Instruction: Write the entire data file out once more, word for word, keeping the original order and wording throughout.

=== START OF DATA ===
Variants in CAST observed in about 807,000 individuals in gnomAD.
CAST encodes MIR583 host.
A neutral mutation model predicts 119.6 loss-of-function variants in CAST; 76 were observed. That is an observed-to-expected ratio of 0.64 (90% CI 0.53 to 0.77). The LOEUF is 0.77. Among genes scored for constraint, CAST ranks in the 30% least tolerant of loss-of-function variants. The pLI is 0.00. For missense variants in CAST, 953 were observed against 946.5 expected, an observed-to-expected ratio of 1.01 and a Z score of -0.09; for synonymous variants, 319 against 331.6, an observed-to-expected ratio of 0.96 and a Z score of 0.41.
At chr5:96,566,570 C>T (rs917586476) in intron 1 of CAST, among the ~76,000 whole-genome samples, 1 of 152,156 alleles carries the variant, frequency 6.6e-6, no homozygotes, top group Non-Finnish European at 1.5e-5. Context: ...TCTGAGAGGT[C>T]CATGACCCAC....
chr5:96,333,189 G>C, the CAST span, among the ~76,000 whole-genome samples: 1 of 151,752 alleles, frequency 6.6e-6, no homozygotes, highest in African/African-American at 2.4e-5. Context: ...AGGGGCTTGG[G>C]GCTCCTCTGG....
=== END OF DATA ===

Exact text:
Variants in CAST observed in about 807,000 individuals in gnomAD.
CAST encodes MIR583 host.
A neutral mutation model predicts 119.6 loss-of-function variants in CAST; 76 were observed. That is an observed-to-expected ratio of 0.64 (90% CI 0.53 to 0.77). The LOEUF is 0.77. Among genes scored for constraint, CAST ranks in the 30% least tolerant of loss-of-function variants. The pLI is 0.00. For missense variants in CAST, 953 were observed against 946.5 expected, an observed-to-expected ratio of 1.01 and a Z score of -0.09; for synonymous variants, 319 against 331.6, an observed-to-expected ratio of 0.96 and a Z score of 0.41.
At chr5:96,566,570 C>T (rs917586476) in intron 1 of CAST, among the ~76,000 whole-genome samples, 1 of 152,156 alleles carries the variant, frequency 6.6e-6, no homozygotes, top group Non-Finnish European at 1.5e-5. Context: ...TCTGAGAGGT[C>T]CATGACCCAC....
chr5:96,333,189 G>C, the CAST span, among the ~76,000 whole-genome samples: 1 of 151,752 alleles, frequency 6.6e-6, no homozygotes, highest in African/African-American at 2.4e-5. Context: ...AGGGGCTTGG[G>C]GCTCCTCTGG....